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October 08, 2007

Run it twice

I've watched a lot of televised poker and most of it is not very good.

Almost every show either contrives or covers a tournament. The tournament format would seem to be a good choice because it has a built-in conclusion; a single winner. And the escalating blinds make for ever-increasing pot sizes.

But those million dollar pots are made up of tournament chips, not real dollars. So even though there's big prize money at stake, a player only loses his original buy-in if he busts out (and sometimes this is as small as a couple hundred bucks thanks to smaller, qualifying tournaments).

The Game Show Network's High Stakes Poker is now in its fourth season and takes a different approach. They televise a cash game; no-limit hold'em with $300/$600 blinds and $100 antes. The minimum buy-in for the game is $100,000 and the money is real.

Seeing players compete over six figure pots is part of the fun. Because it's a cash game, it also means that the producers can invite the best players. In tournaments, especially large ones, you usually end up with half a table of marginally skilled nobodies. GSN pays the best around to show up for their game. (The appearance fee of $1250/hour is a sweetener but not enough to significantly offset the large stakes).

Also, you get to see a lot of things that would never happen in a tournament. All-in bets are far less common in deep stack cash games. And when they happen, the players will often "run it twice" meaning that they'll deal out the remaining cards two times. The effect is to mitigate the variance on these big bet pots and it's interesting to see stuff like this get worked out.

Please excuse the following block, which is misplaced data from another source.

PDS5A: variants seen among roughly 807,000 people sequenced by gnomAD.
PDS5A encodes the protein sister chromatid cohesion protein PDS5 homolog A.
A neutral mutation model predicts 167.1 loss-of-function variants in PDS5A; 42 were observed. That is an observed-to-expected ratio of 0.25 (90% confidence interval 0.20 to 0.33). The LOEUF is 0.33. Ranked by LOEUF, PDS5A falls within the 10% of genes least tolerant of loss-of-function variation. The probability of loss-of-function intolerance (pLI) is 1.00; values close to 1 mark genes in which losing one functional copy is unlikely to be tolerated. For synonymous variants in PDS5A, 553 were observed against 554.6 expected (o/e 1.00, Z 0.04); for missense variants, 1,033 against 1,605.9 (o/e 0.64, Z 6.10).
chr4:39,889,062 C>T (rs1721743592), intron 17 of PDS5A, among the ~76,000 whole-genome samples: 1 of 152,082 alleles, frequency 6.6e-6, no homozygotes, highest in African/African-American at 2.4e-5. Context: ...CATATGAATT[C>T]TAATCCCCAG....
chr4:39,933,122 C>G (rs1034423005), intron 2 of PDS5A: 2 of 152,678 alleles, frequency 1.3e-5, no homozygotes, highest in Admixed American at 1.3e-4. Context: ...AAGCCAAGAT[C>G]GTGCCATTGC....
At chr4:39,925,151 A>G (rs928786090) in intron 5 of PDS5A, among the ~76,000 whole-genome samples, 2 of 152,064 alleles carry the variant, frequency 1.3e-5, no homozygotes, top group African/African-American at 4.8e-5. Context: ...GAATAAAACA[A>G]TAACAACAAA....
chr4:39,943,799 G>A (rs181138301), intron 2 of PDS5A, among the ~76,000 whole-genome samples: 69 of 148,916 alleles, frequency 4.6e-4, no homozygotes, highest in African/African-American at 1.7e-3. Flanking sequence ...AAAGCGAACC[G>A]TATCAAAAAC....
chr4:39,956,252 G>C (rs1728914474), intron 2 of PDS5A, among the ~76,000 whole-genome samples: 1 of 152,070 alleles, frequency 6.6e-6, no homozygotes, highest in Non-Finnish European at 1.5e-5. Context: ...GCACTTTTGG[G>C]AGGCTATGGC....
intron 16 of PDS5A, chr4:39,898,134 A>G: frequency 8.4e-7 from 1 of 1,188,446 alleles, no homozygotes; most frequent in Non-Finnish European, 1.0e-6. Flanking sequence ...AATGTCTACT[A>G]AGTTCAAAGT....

You also get a sense of how addicted to action these pro players are. They will gamble on everything. They bet on what cards will come out on the flop, they bet on how much weight someone will gain in a lifetime. There was nearly a $500,000 bet about whether someone could work 40 hours a week in a furniture store for a year.

High Stakes also does a great job on the commentary. Most poker shows have amazingly bad voice-over filled with faux-folksy poker nonsense. But Gabe Kaplan is savvy enough to work out the players' thought process and is funny enough to beat-up goomba co-host AJ Benza.

There's really only two things bad about the show. The first is that you have to have GSN to watch it (I don't). You can download it off of Veoh (skip season 1, they didn't quite have it together yet) but it's not a great experience. If only they would sell the episodes online.

The other thing is the High Stakes Poker theme song. It may be the worst poker song ever written and this is not a particularly distinguished genre. A sample of the lyrics:

Man I'm gonna kick it / Pocket nines is the ticket
Ladies ain't ladies / unless they your ladies
Get your hand on a monster / if that's what it takes
And if you got what it takes / You can play High Stakes.
Despite that, I recommend it.

2 comments:

Anonymous said...

That doesn't seem to be the whole song. I was curious about the rest of the lyrics, but I can't find them anywhere on the internet. Any help you could give would be appreciated.

Jason Goldman said...

Yeah, I couldn't find the lyrics online when I made this post. I was gonna try to transcribe the whole thing, but honestly, it's too horrible to listen to closely.

"Songs about Poker" is not a distinguished genre (Kenny Rogers pretty much opened and closed the book on it). But this is among the worst.